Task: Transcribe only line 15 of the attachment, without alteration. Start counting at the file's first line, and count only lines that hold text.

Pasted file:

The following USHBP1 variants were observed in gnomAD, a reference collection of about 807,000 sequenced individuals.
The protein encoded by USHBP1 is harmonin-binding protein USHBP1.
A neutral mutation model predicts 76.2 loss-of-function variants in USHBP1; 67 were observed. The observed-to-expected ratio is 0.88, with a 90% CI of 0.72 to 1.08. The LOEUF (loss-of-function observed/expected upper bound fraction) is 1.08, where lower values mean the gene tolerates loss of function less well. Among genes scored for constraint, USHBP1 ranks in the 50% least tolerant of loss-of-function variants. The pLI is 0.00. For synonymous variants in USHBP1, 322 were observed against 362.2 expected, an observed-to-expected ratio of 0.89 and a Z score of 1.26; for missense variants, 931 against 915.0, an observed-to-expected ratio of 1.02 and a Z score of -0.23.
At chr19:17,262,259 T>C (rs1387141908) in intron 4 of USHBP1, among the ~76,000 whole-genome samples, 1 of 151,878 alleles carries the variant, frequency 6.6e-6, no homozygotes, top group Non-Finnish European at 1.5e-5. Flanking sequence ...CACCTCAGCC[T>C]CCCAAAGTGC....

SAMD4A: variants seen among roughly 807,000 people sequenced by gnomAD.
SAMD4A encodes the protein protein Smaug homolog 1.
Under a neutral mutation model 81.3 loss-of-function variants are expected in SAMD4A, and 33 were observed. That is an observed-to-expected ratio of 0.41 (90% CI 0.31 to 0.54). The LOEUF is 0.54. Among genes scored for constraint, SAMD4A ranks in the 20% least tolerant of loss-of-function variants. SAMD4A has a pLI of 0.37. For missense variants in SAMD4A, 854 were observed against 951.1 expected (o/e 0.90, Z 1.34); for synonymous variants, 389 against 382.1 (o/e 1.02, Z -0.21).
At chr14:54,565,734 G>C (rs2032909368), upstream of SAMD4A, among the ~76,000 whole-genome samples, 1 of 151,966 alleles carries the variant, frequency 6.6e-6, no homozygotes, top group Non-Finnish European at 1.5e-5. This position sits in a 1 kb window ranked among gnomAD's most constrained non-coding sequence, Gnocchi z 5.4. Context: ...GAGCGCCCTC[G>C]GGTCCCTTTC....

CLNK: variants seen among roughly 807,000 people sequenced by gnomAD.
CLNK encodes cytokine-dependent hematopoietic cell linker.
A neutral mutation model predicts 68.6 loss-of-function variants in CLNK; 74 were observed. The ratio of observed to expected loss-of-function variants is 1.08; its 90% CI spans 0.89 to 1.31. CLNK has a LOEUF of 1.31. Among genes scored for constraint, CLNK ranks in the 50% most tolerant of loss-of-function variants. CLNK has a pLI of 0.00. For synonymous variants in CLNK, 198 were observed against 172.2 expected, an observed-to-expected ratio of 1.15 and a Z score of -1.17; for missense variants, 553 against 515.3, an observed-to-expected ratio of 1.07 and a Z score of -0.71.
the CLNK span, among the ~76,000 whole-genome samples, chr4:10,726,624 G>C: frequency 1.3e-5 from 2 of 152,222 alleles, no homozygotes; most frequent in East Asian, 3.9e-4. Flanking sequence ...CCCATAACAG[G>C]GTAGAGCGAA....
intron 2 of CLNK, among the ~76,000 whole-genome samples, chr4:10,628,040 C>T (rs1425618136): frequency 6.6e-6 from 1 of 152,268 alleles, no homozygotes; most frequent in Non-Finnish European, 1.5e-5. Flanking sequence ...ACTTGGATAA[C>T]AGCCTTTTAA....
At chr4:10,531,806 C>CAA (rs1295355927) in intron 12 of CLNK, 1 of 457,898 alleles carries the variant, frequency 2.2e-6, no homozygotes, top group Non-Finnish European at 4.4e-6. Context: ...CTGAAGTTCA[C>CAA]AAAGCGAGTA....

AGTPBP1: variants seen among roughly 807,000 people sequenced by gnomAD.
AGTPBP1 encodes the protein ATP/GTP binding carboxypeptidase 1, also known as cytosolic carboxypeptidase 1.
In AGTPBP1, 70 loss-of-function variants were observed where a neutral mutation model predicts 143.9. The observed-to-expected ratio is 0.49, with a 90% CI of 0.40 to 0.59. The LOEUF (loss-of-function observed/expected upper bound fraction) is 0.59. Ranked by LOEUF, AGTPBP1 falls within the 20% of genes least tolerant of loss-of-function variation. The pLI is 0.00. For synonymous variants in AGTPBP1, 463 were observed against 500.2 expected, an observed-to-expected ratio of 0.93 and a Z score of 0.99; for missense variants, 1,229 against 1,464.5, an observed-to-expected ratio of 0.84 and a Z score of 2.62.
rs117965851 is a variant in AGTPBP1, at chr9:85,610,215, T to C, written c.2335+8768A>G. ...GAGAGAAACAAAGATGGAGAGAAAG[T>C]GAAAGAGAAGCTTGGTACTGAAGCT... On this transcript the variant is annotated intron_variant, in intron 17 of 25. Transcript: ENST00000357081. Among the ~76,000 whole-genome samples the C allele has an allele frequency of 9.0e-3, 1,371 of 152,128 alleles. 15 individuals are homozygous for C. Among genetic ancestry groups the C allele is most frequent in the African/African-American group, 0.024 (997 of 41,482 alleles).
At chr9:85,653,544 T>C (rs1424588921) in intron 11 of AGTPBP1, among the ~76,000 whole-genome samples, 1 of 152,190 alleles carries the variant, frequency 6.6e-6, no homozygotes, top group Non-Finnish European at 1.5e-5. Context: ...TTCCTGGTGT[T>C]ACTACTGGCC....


AGTPBP1: variants seen among roughly 807,000 people sequenced by gnomAD.